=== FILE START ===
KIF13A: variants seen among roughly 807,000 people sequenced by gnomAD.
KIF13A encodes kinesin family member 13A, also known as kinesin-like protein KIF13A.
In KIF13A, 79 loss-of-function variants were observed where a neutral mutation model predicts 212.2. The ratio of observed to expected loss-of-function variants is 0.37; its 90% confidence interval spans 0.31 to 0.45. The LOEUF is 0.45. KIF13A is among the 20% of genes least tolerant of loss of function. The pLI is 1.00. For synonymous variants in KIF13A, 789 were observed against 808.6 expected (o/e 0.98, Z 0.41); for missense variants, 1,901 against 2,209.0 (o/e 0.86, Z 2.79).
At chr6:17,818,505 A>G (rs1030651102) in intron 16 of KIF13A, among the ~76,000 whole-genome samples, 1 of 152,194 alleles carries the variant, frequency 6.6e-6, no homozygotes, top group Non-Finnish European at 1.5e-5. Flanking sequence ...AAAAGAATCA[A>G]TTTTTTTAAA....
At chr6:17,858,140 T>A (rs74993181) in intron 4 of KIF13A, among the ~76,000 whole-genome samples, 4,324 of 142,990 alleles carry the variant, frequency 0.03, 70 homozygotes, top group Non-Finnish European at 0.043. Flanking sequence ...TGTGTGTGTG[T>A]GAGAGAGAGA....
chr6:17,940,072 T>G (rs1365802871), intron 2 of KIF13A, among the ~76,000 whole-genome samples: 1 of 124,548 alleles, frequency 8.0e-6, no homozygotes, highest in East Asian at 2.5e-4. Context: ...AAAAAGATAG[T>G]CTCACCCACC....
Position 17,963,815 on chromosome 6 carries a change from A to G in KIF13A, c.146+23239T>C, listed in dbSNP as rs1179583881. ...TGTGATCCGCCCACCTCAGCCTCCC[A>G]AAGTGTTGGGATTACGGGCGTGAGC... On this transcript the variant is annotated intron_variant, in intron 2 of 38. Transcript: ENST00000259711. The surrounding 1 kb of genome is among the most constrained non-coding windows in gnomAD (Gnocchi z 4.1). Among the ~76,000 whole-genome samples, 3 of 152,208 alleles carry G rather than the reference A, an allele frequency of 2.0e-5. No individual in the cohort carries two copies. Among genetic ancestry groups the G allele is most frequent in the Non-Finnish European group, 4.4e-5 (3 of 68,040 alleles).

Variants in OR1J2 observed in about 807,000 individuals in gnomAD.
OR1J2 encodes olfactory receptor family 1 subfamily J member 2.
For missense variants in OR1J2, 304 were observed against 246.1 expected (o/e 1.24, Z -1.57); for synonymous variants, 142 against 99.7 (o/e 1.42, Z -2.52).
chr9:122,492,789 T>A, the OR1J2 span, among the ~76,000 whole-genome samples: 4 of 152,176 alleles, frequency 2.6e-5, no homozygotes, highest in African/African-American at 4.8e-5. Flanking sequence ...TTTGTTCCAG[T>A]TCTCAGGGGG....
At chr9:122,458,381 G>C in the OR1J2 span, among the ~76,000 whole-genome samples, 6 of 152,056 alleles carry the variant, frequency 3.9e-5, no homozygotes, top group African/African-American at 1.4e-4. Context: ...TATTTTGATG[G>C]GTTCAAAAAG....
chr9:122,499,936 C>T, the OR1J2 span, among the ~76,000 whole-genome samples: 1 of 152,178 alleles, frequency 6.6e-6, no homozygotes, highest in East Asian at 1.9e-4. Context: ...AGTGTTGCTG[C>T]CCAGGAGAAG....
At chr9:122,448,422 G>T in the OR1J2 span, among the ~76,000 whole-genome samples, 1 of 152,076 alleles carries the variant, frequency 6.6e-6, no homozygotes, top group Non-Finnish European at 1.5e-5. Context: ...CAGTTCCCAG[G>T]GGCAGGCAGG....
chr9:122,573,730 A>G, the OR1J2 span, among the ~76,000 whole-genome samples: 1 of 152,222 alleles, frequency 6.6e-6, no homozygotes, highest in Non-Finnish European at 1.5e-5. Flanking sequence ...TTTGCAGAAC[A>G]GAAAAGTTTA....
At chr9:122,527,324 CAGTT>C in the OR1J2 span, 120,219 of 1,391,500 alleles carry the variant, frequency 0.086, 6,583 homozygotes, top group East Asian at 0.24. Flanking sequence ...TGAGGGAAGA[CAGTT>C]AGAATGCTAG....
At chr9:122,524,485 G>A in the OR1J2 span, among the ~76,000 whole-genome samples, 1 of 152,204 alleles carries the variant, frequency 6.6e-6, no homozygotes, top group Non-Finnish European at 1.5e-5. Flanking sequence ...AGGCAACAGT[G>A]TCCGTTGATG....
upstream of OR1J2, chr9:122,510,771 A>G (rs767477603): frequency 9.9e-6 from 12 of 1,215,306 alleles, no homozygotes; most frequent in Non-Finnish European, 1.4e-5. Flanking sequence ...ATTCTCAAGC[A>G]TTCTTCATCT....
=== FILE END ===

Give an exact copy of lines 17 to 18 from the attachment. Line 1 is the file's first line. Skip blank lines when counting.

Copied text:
At chr9:122,524,485 G>A in the OR1J2 span, among the ~76,000 whole-genome samples, 1 of 152,204 alleles carries the variant, frequency 6.6e-6, no homozygotes, top group Non-Finnish European at 1.5e-5. Flanking sequence ...AGGCAACAGT[G>A]TCCGTTGATG....
upstream of OR1J2, chr9:122,510,771 A>G (rs767477603): frequency 9.9e-6 from 12 of 1,215,306 alleles, no homozygotes; most frequent in Non-Finnish European, 1.4e-5. Flanking sequence ...ATTCTCAAGC[A>G]TTCTTCATCT....